Understanding knee pain in Yoga

Preventing and managing knee pain is a very common consideration for Yoga Teachers.

In order to effectively manage painful knees in a Yoga class it is first important to understand anatomically what movements the knee is capable of and then to apply this to the individual on the mat in front of you. This can be quite a challenge in a group class but learning to manage different shaped bodies is key to become an inclusive and experienced teacher.

Let’s look at some basic anatomy.

The synovial joint of the knee is a hinge and therefore the main movement available in that area is flexion and extension (bending and straightening). There is some minimal rotation in the flexed position. The knee is not a very congruent joint and several different types of ligaments, inside and outside the joint capsule, support the structure.

Knee Anatomy for Yoga Teachers

There are four major ligaments in the knee. Ligaments are elastic bands of tissue that connect bones to each other and provide stability and strength to the joint. The four main ligaments in the knee connect the femur (thighbone) to the tibia (shin bone), and include the following; Anterior cruciate ligament (ACL), Posterior cruciate ligament (PCL), Medial collateral ligament (MCL) and Lateral collateral ligament (LCL).

The knee also contains something called the meniscus, a C-shaped piece of tough, rubbery cartilage that acts as a shock absorber between your shinbone and thighbone. It can be torn if you suddenly twist your knee while bearing weight on it.

But the body is a unit and we should not just look at the knee to understand why there may be pain or injury. The function of the joint is effected by the mobility and the anatomy of the hip above and the foot below. There is huge variability in the angle and rotation of the femur (thigh bone). Terms such as the Q-angle, Genum Varus and Genu Valgus or the angle of femoral anteversion and retroversion are used to describe this variability in skeletal structure of the lower extremity.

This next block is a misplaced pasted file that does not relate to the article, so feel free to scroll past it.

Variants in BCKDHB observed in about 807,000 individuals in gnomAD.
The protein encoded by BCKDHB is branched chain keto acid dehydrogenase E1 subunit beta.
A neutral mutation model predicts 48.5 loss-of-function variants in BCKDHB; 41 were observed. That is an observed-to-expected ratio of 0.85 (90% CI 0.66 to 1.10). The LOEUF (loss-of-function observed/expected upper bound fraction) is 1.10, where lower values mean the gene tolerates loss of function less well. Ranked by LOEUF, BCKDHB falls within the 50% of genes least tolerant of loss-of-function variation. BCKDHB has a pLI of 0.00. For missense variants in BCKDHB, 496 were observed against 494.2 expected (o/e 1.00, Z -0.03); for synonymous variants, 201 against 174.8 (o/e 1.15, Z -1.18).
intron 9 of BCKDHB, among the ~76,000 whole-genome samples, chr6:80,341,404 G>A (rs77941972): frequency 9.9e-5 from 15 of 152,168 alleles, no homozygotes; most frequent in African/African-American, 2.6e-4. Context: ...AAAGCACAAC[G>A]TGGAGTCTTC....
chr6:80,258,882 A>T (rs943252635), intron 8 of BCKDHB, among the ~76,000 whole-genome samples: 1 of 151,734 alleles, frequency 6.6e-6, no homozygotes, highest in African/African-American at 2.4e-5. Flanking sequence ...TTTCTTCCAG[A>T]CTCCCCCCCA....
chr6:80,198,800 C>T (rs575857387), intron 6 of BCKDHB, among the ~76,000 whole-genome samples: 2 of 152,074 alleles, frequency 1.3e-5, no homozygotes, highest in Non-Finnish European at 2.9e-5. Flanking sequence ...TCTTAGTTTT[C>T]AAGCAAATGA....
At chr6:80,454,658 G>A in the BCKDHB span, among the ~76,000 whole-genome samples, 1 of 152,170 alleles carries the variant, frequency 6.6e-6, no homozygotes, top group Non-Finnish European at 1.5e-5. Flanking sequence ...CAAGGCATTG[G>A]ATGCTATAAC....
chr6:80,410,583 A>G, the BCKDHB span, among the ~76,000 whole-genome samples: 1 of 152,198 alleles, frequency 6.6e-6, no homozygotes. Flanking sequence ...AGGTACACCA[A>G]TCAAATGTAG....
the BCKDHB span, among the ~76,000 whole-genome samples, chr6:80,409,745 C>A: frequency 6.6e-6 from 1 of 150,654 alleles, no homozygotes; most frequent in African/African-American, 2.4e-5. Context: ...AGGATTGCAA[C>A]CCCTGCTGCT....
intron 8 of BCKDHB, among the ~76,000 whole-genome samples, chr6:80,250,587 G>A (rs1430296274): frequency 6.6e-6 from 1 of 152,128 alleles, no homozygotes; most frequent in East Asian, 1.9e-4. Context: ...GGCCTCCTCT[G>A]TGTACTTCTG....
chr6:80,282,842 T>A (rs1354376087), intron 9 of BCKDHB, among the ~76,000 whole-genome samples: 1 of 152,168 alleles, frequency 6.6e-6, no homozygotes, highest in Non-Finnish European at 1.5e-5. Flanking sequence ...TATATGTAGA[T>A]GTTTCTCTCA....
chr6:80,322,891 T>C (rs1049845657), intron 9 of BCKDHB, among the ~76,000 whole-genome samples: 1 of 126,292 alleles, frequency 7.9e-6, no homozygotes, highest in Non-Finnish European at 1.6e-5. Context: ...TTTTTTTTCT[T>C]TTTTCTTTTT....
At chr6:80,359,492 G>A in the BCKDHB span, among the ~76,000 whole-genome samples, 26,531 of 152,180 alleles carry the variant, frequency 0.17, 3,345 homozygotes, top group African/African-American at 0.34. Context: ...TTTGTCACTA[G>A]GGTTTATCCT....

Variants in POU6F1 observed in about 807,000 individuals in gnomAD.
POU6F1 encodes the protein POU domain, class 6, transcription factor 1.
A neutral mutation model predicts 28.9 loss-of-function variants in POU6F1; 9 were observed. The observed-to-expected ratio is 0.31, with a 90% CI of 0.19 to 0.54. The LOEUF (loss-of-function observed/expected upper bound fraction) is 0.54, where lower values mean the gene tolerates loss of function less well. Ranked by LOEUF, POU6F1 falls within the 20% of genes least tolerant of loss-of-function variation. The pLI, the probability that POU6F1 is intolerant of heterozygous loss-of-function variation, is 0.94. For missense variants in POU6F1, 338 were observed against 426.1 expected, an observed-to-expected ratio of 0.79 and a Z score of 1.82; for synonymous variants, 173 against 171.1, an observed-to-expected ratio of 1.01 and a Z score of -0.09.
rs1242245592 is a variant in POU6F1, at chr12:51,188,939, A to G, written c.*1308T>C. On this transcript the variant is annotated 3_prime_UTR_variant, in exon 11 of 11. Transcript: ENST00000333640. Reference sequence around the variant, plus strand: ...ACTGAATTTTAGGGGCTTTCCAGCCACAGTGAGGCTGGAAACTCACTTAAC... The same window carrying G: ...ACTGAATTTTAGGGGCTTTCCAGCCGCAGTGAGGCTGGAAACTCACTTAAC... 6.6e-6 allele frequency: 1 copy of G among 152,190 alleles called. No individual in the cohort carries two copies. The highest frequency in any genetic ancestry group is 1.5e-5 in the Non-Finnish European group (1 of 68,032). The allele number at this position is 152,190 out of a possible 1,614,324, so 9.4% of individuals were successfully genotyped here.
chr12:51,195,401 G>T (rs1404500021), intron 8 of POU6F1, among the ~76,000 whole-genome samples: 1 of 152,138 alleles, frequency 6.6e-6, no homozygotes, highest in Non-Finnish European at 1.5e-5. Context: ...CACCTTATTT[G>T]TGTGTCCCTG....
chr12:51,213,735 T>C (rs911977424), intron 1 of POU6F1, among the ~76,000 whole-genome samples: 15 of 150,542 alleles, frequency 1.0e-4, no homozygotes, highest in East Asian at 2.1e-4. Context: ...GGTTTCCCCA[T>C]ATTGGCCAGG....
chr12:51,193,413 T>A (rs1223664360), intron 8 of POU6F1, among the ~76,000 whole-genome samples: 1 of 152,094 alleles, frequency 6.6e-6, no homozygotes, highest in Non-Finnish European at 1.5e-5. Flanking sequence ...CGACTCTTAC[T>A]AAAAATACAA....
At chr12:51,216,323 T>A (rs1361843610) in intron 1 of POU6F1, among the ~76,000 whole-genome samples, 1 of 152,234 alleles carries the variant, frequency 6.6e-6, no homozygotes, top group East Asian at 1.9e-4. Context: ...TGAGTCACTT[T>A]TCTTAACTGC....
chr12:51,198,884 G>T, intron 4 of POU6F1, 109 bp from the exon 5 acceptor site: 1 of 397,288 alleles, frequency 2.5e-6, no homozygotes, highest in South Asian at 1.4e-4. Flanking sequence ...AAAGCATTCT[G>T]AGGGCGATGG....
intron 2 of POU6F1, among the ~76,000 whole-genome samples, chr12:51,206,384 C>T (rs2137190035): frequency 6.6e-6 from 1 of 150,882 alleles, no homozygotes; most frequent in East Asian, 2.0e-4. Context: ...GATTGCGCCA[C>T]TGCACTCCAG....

Ultimately what it means, in regard to the knees, is that every body’s legs have a different structure and therefore different baseline mobility that is predefined by bony limits. Therefore each individuals ability to place their body in a different shape is highly variable with different limitations. On a Yoga mat when translating this to asana we cannot expect everyone to be able to achieve the same shape. Cookie cutter Yoga postures or standard, one size fits all asanas do not respect this anatomical variation and can lead to straining of the joints.

Some poses which could be potentially strain the knee and may need careful consideration for adapting to each student are-

  • Warrior poses
  • Lunge-based poses
  • Triangle pose
  • Any kneeling poses
  • Asymmetrical seated postures (especially with one leg bent)
  • Any lotus-based position

Dictating where feet should be placed or how a pelvis should be orientated, without respect for this individual structure in the body, may put unnecessary strain through the knees leading to or aggravating an injury.

In addition, it is also important to remember that every body’s range of movement is also different; hypermobility is extremely common in Yoga practitioners, especially in the knees. Connective tissue disorders will exacerbate this strain through the joints. Therefore watching for hyperextended and locked knees is a big part of keeping our students knees injury free.

All of these factors will change how a yoga posture looks and feels to each person practicing it. Teaching students to FREE THEIR INNER TEACHER is key to preventing and managing injuries. Teaching not only proprioception but interoception and intuition are skills a yoga teacher should develop to support their students in a physical practice.

Top 7 things to look out for in your students

  • Hyperextension of the knees
  • How the kneecap tracks when the knee moves
  • Inflammation and pain
  • Collapsed arches in the feet
  • Reduced hip mobility
  • Angle of the knee in relation to the hip
  • Rotational direction of the femur (thigh bone)

To understand more about knee anatomy in its relation to teaching Yoga you can join the free Bite Size Anatomy Facebook group for Yoga Teachers   https://www.facebook.com/groups/bitesizeanatomy

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Aimee Newton

Aimee Newton

Aimee Newton is a Tutor and Assessor for Friends of Yoga and has been teaching for 16 years. She is also a Registered Osteopath and runs popular CPD days for Yoga Teachers on Anatomy and Physiology both face to face and online.